What are the tradeoffs of seeking yield and taking on more risk in the current investment environment?
Brill: We’re trying to keep core characteristics of the strategy looking and acting like a bond fund, and that generally means looking to the stability of the investment-grade space. That said, there are always ways to get more yield through credit risk, duration risk, or illiquidity risk. Right now, we’re comfortable with illiquidity risk and credit risk – and not very comfortable with duration risk in the near term. We have added more credit risk to our portfolio, with some less liquid securities on the margin making up a small portion of the portfolio. However, we don’t want to load up on a complete correlation to the equity market by adding a bunch of risk to the portfolio, so we still have some of the higher quality portions of our strategy to mitigate that risk.
Shifting gears a bit, what are investors looking for in the ESG space?
Brill: About seven years ago, one of our institutional clients told us they wanted to shift all of their funds with us into an ESG-based strategy. As a result, we feel that in sustainable investing we’re pretty far ahead of most other managers in the U.S. What we try to do is look at the fundamentals as well as the ESG factors of each individual credit. One of the things we’ve noticed is that you don’t sacrifice performance by being ESG aware – the risk adjusted performance of ESG is basically the exact same. The reason for that is ESG tends to help eliminate tail risk by ridding a portfolio of companies that have a propensity for environmental accidents, for example. Those cost money at the end of the day, and if a corporation lacks solid governance in that context it can be a huge risk to the overall credit.
Regarding the specific risk of climate change, how do you incorporate that into the portfolio?
Brill: We’re looking for positive momentum in many areas when we assess a corporation, and that includes whether it has made a conscious decision to reduce its carbon footprint. It’s easier to find companies that are doing so in Europe than in the U.S. currently, but that will improve in the U.S. in the future. Sustainability linked notes are going to become more popular. With those, a company sets a metric to meet within a certain period of time, and if it fails to achieve that goal it pays a greater coupon as a penalty. For example, the company might say it will reduce its carbon footprint by X percent in five years, and if it doesn’t it is penalized. That’s a good way to hold the entire company accountable.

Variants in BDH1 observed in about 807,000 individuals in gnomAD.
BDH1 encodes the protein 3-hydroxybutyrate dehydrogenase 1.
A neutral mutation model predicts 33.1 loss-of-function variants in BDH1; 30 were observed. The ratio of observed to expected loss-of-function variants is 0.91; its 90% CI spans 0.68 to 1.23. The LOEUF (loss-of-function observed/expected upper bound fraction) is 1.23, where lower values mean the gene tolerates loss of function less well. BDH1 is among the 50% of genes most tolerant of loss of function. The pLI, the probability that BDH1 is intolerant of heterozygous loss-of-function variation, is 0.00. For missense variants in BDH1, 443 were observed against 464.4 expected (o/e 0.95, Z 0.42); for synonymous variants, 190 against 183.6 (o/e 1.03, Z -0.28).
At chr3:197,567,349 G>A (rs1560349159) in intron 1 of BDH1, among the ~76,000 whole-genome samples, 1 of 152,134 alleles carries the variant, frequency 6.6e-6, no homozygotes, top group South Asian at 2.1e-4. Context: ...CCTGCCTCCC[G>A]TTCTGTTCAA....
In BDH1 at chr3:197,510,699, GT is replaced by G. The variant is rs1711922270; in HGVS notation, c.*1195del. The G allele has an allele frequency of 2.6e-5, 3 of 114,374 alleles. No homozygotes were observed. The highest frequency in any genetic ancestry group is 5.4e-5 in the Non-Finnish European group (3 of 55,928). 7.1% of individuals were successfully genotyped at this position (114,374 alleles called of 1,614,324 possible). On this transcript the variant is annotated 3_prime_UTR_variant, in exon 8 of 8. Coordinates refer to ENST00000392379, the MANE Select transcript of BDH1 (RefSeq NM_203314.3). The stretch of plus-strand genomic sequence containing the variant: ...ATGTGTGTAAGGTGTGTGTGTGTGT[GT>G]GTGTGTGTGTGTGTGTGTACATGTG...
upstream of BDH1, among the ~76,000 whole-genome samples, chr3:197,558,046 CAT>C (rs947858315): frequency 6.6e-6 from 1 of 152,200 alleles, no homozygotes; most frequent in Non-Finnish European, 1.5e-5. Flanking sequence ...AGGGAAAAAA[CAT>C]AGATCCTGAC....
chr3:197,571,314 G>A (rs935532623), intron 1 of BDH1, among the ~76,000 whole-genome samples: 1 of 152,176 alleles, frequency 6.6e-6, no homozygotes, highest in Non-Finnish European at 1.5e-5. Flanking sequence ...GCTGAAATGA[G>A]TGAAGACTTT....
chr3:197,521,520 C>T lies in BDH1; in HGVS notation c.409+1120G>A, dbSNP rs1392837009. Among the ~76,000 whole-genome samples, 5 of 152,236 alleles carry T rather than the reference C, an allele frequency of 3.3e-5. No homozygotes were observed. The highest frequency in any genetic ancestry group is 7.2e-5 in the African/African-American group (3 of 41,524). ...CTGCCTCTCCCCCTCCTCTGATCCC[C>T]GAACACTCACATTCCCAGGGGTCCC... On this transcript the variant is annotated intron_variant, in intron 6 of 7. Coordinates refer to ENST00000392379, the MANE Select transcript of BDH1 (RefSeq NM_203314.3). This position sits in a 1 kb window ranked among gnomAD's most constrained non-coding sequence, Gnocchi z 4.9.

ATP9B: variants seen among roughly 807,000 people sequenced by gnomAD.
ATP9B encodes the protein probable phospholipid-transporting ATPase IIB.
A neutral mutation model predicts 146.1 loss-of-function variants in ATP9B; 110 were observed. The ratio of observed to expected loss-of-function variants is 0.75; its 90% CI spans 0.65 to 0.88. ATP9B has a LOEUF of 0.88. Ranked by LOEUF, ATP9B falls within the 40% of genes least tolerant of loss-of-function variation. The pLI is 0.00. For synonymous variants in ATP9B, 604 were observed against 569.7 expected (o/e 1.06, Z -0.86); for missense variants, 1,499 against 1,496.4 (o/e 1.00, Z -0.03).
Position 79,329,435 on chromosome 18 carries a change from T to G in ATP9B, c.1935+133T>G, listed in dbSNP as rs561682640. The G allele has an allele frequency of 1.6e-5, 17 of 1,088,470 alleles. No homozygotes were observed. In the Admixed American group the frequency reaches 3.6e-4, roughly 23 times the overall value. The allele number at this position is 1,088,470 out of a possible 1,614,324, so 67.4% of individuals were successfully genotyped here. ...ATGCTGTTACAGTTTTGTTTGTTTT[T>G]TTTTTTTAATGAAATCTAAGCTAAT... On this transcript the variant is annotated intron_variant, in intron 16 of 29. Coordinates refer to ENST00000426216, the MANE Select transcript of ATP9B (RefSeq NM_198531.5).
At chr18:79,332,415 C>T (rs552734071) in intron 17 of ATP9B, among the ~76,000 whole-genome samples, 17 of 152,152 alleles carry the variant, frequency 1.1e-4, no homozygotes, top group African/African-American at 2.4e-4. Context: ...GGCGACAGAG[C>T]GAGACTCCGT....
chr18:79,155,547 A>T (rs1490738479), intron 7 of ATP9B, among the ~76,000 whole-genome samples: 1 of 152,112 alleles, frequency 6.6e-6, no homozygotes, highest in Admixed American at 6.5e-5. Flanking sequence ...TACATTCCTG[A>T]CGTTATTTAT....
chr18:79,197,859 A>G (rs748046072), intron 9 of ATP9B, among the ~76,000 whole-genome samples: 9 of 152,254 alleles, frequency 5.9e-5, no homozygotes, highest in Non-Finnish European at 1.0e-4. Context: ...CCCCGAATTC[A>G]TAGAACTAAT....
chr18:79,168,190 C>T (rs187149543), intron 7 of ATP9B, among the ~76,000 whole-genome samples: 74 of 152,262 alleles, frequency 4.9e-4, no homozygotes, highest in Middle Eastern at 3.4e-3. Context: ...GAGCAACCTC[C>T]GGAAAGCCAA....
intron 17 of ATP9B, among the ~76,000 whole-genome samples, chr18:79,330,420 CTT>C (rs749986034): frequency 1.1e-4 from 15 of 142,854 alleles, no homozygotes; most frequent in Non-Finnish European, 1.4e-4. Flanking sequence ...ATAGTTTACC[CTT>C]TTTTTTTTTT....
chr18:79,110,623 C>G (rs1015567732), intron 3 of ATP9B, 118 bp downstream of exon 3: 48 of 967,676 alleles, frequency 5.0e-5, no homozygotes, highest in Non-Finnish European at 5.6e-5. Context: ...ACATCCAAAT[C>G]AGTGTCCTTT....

That puts investors in an odd situation of getting more income if the company fails to achieve its goal.
Brill: Everyone always want more income, so it is a little weird to hope you get less income. But, again, it’s not really less – you aren’t sacrificing performance – you’re just not getting the penalty income if the company meets its goals. But by making the investment in the first place you want the company to meet its goal. The next level beyond that is to measure the overall carbon footprint of the index and create a strategy that features a smaller carbon footprint rather than just buying the market portfolio. That way we as a firm can quantify the impact we are making in your portfolio and quantify the progress an individual company is making.
Read the second part of this story to find out how to make your fixed income portfolio work harder in private markets.
This article is for US Institutional Investor Use in Canada Only. Accredited Investors as defined under National Instrument 45-106. Content was developed in March 2021. This is for informational purposes only and is not an offer to buy or sell any financial instruments. As with all investments there are associated inherent risks. This should not be considered a recommendation to purchase any investment product. Please obtain and review all financial material carefully before investing. The opinions expressed in this article are those of the authors and are based on current market conditions and are subject to change without notice. These opinions may differ from those of other Invesco investment professionals.